After 17 years of tumultuous rule, North Korean leader Kim Jong Il died Saturday at the age of 69. The mercurial, enigmatic dictator —who came to power when his father, who founded North Korea, died in 1994 — was one of the most combative and colorful despots in modern history. As the world debates what's next for the isolated, poverty-stricken North Korea, here's a look at five things that defined Kim Jong Il's rule:

1. His unquestioned, absolute authority
"There is, perhaps, no totalitarianism in the world that is as all-embracing as North Korea's," says Michael Hirsh at National Journal. "Something like it hasn't existed since Stalin died." The secretive communist nation is remarkable for its apparent lack of dissidents. Though most North Koreans' quality of life is terrible, no detectable undercurrent is pushing for a democratic uprising. In that sense, Kim Jong Il was "the most successful dictator in modern history."

2. His habit of blatantly antagonizing South Korea
Before succeeding his father in 1994, Kim reportedly ordered a 1983 bombing in Myanmar that killed 17 senior South Korean officials, and the 1987 bombing of a Korean Air flight that killed 115 passengers, says Reuters. Kim is also suspected of ordering the March 2010 sinking of a South Korean military ship and, in November of that same year, the bombing of a South Korea-controlled island, says Barbara Demick and John M. Glionna at the Los Angeles Times. Immediately following Kim's death, South Korean President Lee Myung-bak put the country's military on high alert.

3. His willingness to ignore famine and poverty
When Kim first took power, communist North Korea's economy was in a shambles following the end of the Cold War and the ensuing loss of its trading partners. Then a devastating famine in the 1990s led to the death of about one million North Koreans. Even as the population suffered from poverty and famine, Kim continued his father's "military first" mandate, says the Associated Press, and devoted nearly all of the country's scarce resources to building "the world's fifth-largest military."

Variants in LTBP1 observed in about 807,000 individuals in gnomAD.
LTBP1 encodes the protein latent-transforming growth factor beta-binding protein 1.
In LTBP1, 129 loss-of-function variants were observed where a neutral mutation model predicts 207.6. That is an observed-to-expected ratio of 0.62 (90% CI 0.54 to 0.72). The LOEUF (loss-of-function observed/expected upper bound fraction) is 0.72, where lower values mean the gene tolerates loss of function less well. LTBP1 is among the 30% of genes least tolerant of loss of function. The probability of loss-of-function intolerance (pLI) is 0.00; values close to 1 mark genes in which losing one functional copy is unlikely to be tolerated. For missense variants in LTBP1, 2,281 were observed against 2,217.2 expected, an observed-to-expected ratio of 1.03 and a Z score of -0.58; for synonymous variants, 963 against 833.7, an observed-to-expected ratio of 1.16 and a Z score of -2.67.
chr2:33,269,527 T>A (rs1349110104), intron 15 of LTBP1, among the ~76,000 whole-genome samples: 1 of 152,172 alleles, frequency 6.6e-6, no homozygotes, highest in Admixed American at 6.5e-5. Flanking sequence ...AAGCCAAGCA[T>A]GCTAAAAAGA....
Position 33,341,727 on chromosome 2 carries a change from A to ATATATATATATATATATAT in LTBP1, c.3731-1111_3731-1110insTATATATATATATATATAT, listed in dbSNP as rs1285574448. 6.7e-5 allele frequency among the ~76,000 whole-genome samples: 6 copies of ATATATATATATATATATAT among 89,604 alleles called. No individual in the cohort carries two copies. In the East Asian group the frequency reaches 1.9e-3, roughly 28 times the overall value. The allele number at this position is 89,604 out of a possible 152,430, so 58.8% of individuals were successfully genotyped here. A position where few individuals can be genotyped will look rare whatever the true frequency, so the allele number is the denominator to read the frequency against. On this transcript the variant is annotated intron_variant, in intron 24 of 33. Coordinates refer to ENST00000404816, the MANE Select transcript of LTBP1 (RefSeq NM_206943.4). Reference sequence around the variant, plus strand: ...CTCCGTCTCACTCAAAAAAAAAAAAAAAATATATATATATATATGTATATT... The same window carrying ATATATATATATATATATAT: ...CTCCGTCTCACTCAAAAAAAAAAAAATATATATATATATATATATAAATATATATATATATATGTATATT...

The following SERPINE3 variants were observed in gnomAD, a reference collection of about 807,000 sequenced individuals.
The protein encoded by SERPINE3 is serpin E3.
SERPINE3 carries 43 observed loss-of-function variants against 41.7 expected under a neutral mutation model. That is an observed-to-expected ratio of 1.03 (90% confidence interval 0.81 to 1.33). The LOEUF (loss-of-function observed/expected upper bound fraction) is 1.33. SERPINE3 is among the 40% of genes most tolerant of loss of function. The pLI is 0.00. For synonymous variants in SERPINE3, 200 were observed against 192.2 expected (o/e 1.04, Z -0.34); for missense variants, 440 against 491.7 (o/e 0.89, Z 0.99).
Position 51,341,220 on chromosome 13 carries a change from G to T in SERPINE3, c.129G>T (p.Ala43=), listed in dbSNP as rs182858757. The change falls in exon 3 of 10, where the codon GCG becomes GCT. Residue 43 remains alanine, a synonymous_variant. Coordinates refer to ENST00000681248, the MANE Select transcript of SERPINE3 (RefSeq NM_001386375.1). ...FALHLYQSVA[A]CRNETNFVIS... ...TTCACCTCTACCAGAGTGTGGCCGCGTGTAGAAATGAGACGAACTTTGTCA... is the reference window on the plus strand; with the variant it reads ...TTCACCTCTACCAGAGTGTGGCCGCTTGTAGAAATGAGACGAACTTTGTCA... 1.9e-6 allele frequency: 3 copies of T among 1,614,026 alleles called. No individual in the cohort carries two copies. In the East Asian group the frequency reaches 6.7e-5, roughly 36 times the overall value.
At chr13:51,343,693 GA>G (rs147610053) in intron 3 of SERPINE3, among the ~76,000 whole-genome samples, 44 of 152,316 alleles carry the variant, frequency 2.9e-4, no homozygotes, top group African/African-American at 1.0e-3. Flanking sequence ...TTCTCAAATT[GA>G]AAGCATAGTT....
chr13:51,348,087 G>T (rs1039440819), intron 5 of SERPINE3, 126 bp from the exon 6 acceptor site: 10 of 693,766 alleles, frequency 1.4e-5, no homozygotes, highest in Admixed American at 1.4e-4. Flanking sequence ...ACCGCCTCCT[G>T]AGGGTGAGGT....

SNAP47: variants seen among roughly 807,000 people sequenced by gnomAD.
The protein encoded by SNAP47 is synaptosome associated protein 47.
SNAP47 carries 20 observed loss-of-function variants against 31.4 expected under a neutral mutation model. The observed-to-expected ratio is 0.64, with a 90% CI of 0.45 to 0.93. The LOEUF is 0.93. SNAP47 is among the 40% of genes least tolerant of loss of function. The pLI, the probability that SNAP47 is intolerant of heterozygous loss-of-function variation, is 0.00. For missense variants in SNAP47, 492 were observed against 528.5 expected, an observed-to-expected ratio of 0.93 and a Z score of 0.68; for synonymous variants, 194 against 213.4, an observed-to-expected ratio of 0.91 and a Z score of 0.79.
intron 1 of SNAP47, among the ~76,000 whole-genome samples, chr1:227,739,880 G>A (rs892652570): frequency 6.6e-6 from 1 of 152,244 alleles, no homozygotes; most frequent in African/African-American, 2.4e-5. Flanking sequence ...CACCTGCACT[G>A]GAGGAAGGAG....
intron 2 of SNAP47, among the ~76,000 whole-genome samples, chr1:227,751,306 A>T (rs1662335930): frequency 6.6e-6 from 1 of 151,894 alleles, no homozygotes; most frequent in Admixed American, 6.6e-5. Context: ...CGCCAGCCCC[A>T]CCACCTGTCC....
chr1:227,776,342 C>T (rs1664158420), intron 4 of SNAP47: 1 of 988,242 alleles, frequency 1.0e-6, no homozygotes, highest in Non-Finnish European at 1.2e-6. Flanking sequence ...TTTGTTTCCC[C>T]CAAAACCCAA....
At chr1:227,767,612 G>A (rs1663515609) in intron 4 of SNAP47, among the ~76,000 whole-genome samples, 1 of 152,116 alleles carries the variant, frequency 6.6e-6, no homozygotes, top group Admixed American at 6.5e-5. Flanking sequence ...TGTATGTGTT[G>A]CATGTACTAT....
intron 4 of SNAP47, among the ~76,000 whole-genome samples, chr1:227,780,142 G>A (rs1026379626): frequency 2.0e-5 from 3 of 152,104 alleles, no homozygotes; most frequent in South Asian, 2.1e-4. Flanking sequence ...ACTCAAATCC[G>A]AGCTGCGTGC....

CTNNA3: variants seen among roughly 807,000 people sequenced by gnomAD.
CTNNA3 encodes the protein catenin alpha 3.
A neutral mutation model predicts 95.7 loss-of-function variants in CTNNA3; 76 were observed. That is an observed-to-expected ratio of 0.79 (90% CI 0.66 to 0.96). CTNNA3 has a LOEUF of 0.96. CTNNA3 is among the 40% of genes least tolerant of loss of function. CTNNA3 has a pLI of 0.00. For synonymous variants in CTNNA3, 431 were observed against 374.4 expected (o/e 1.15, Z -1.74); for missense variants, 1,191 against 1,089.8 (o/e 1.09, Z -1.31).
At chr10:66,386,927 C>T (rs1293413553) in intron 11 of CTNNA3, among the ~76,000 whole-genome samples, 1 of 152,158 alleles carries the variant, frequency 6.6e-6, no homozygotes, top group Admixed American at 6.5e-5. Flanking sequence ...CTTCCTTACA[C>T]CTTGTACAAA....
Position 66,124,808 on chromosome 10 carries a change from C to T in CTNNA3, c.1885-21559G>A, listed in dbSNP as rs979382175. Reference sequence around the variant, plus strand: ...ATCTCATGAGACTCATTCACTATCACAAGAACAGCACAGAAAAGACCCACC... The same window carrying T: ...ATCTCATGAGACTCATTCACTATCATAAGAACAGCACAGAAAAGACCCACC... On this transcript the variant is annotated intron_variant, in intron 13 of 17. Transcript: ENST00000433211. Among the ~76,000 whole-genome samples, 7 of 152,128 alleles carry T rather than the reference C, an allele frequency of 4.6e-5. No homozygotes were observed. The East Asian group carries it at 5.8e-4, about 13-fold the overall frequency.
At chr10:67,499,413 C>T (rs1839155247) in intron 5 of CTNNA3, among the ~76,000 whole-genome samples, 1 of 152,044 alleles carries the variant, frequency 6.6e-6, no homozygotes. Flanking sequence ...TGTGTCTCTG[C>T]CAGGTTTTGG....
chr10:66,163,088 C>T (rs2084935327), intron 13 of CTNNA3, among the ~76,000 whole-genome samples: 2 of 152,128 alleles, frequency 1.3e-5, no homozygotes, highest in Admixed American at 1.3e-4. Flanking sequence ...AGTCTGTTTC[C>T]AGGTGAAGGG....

4. His nuclear obsession
North Korea's "Dear Leader" frustrated the U.S. and other global powers with his "on-again, off-again approach to talks on giving up nuclear arms for energy and other assistance," says the Associated Press. Meanwhile, North Korea detonated a nuclear device in 2006, conducting a second nuclear test in 2009. Now, the world is rightfully terrified about the future of North Korea's half-dozen or so nuclear weapons, says Joby Warrick at The Washington Post. The nukes are "both a matter of immense pride and an insurance policy for a regime that sees itself threatened by much larger countries, including the United States." So don't expect Kim's successor to abandon "his obsessive pursuit of nuclear weapons."

5. His narcissistic personality
"Kim Jong Il was a real-life Dr. Evil, intent on being taken seriously and yet almost unfailingly laughed at," says Hirsh. "[He was] strutting and pouf-haired, a self-described connoisseur of fine wine and cigars as well as (according to North Korea's ever-inventive media) a brilliant inventor who shot 38 under par his first time playing golf." He was quite the cinephile as well, says the U.K.'s Telegraph. The "near-obsessive film buff" boasted a reported collection of more than 20,000 video tapes. And he spared no expense: Kim drank about £450,000 (roughly $700,000) worth of premium cognac each year.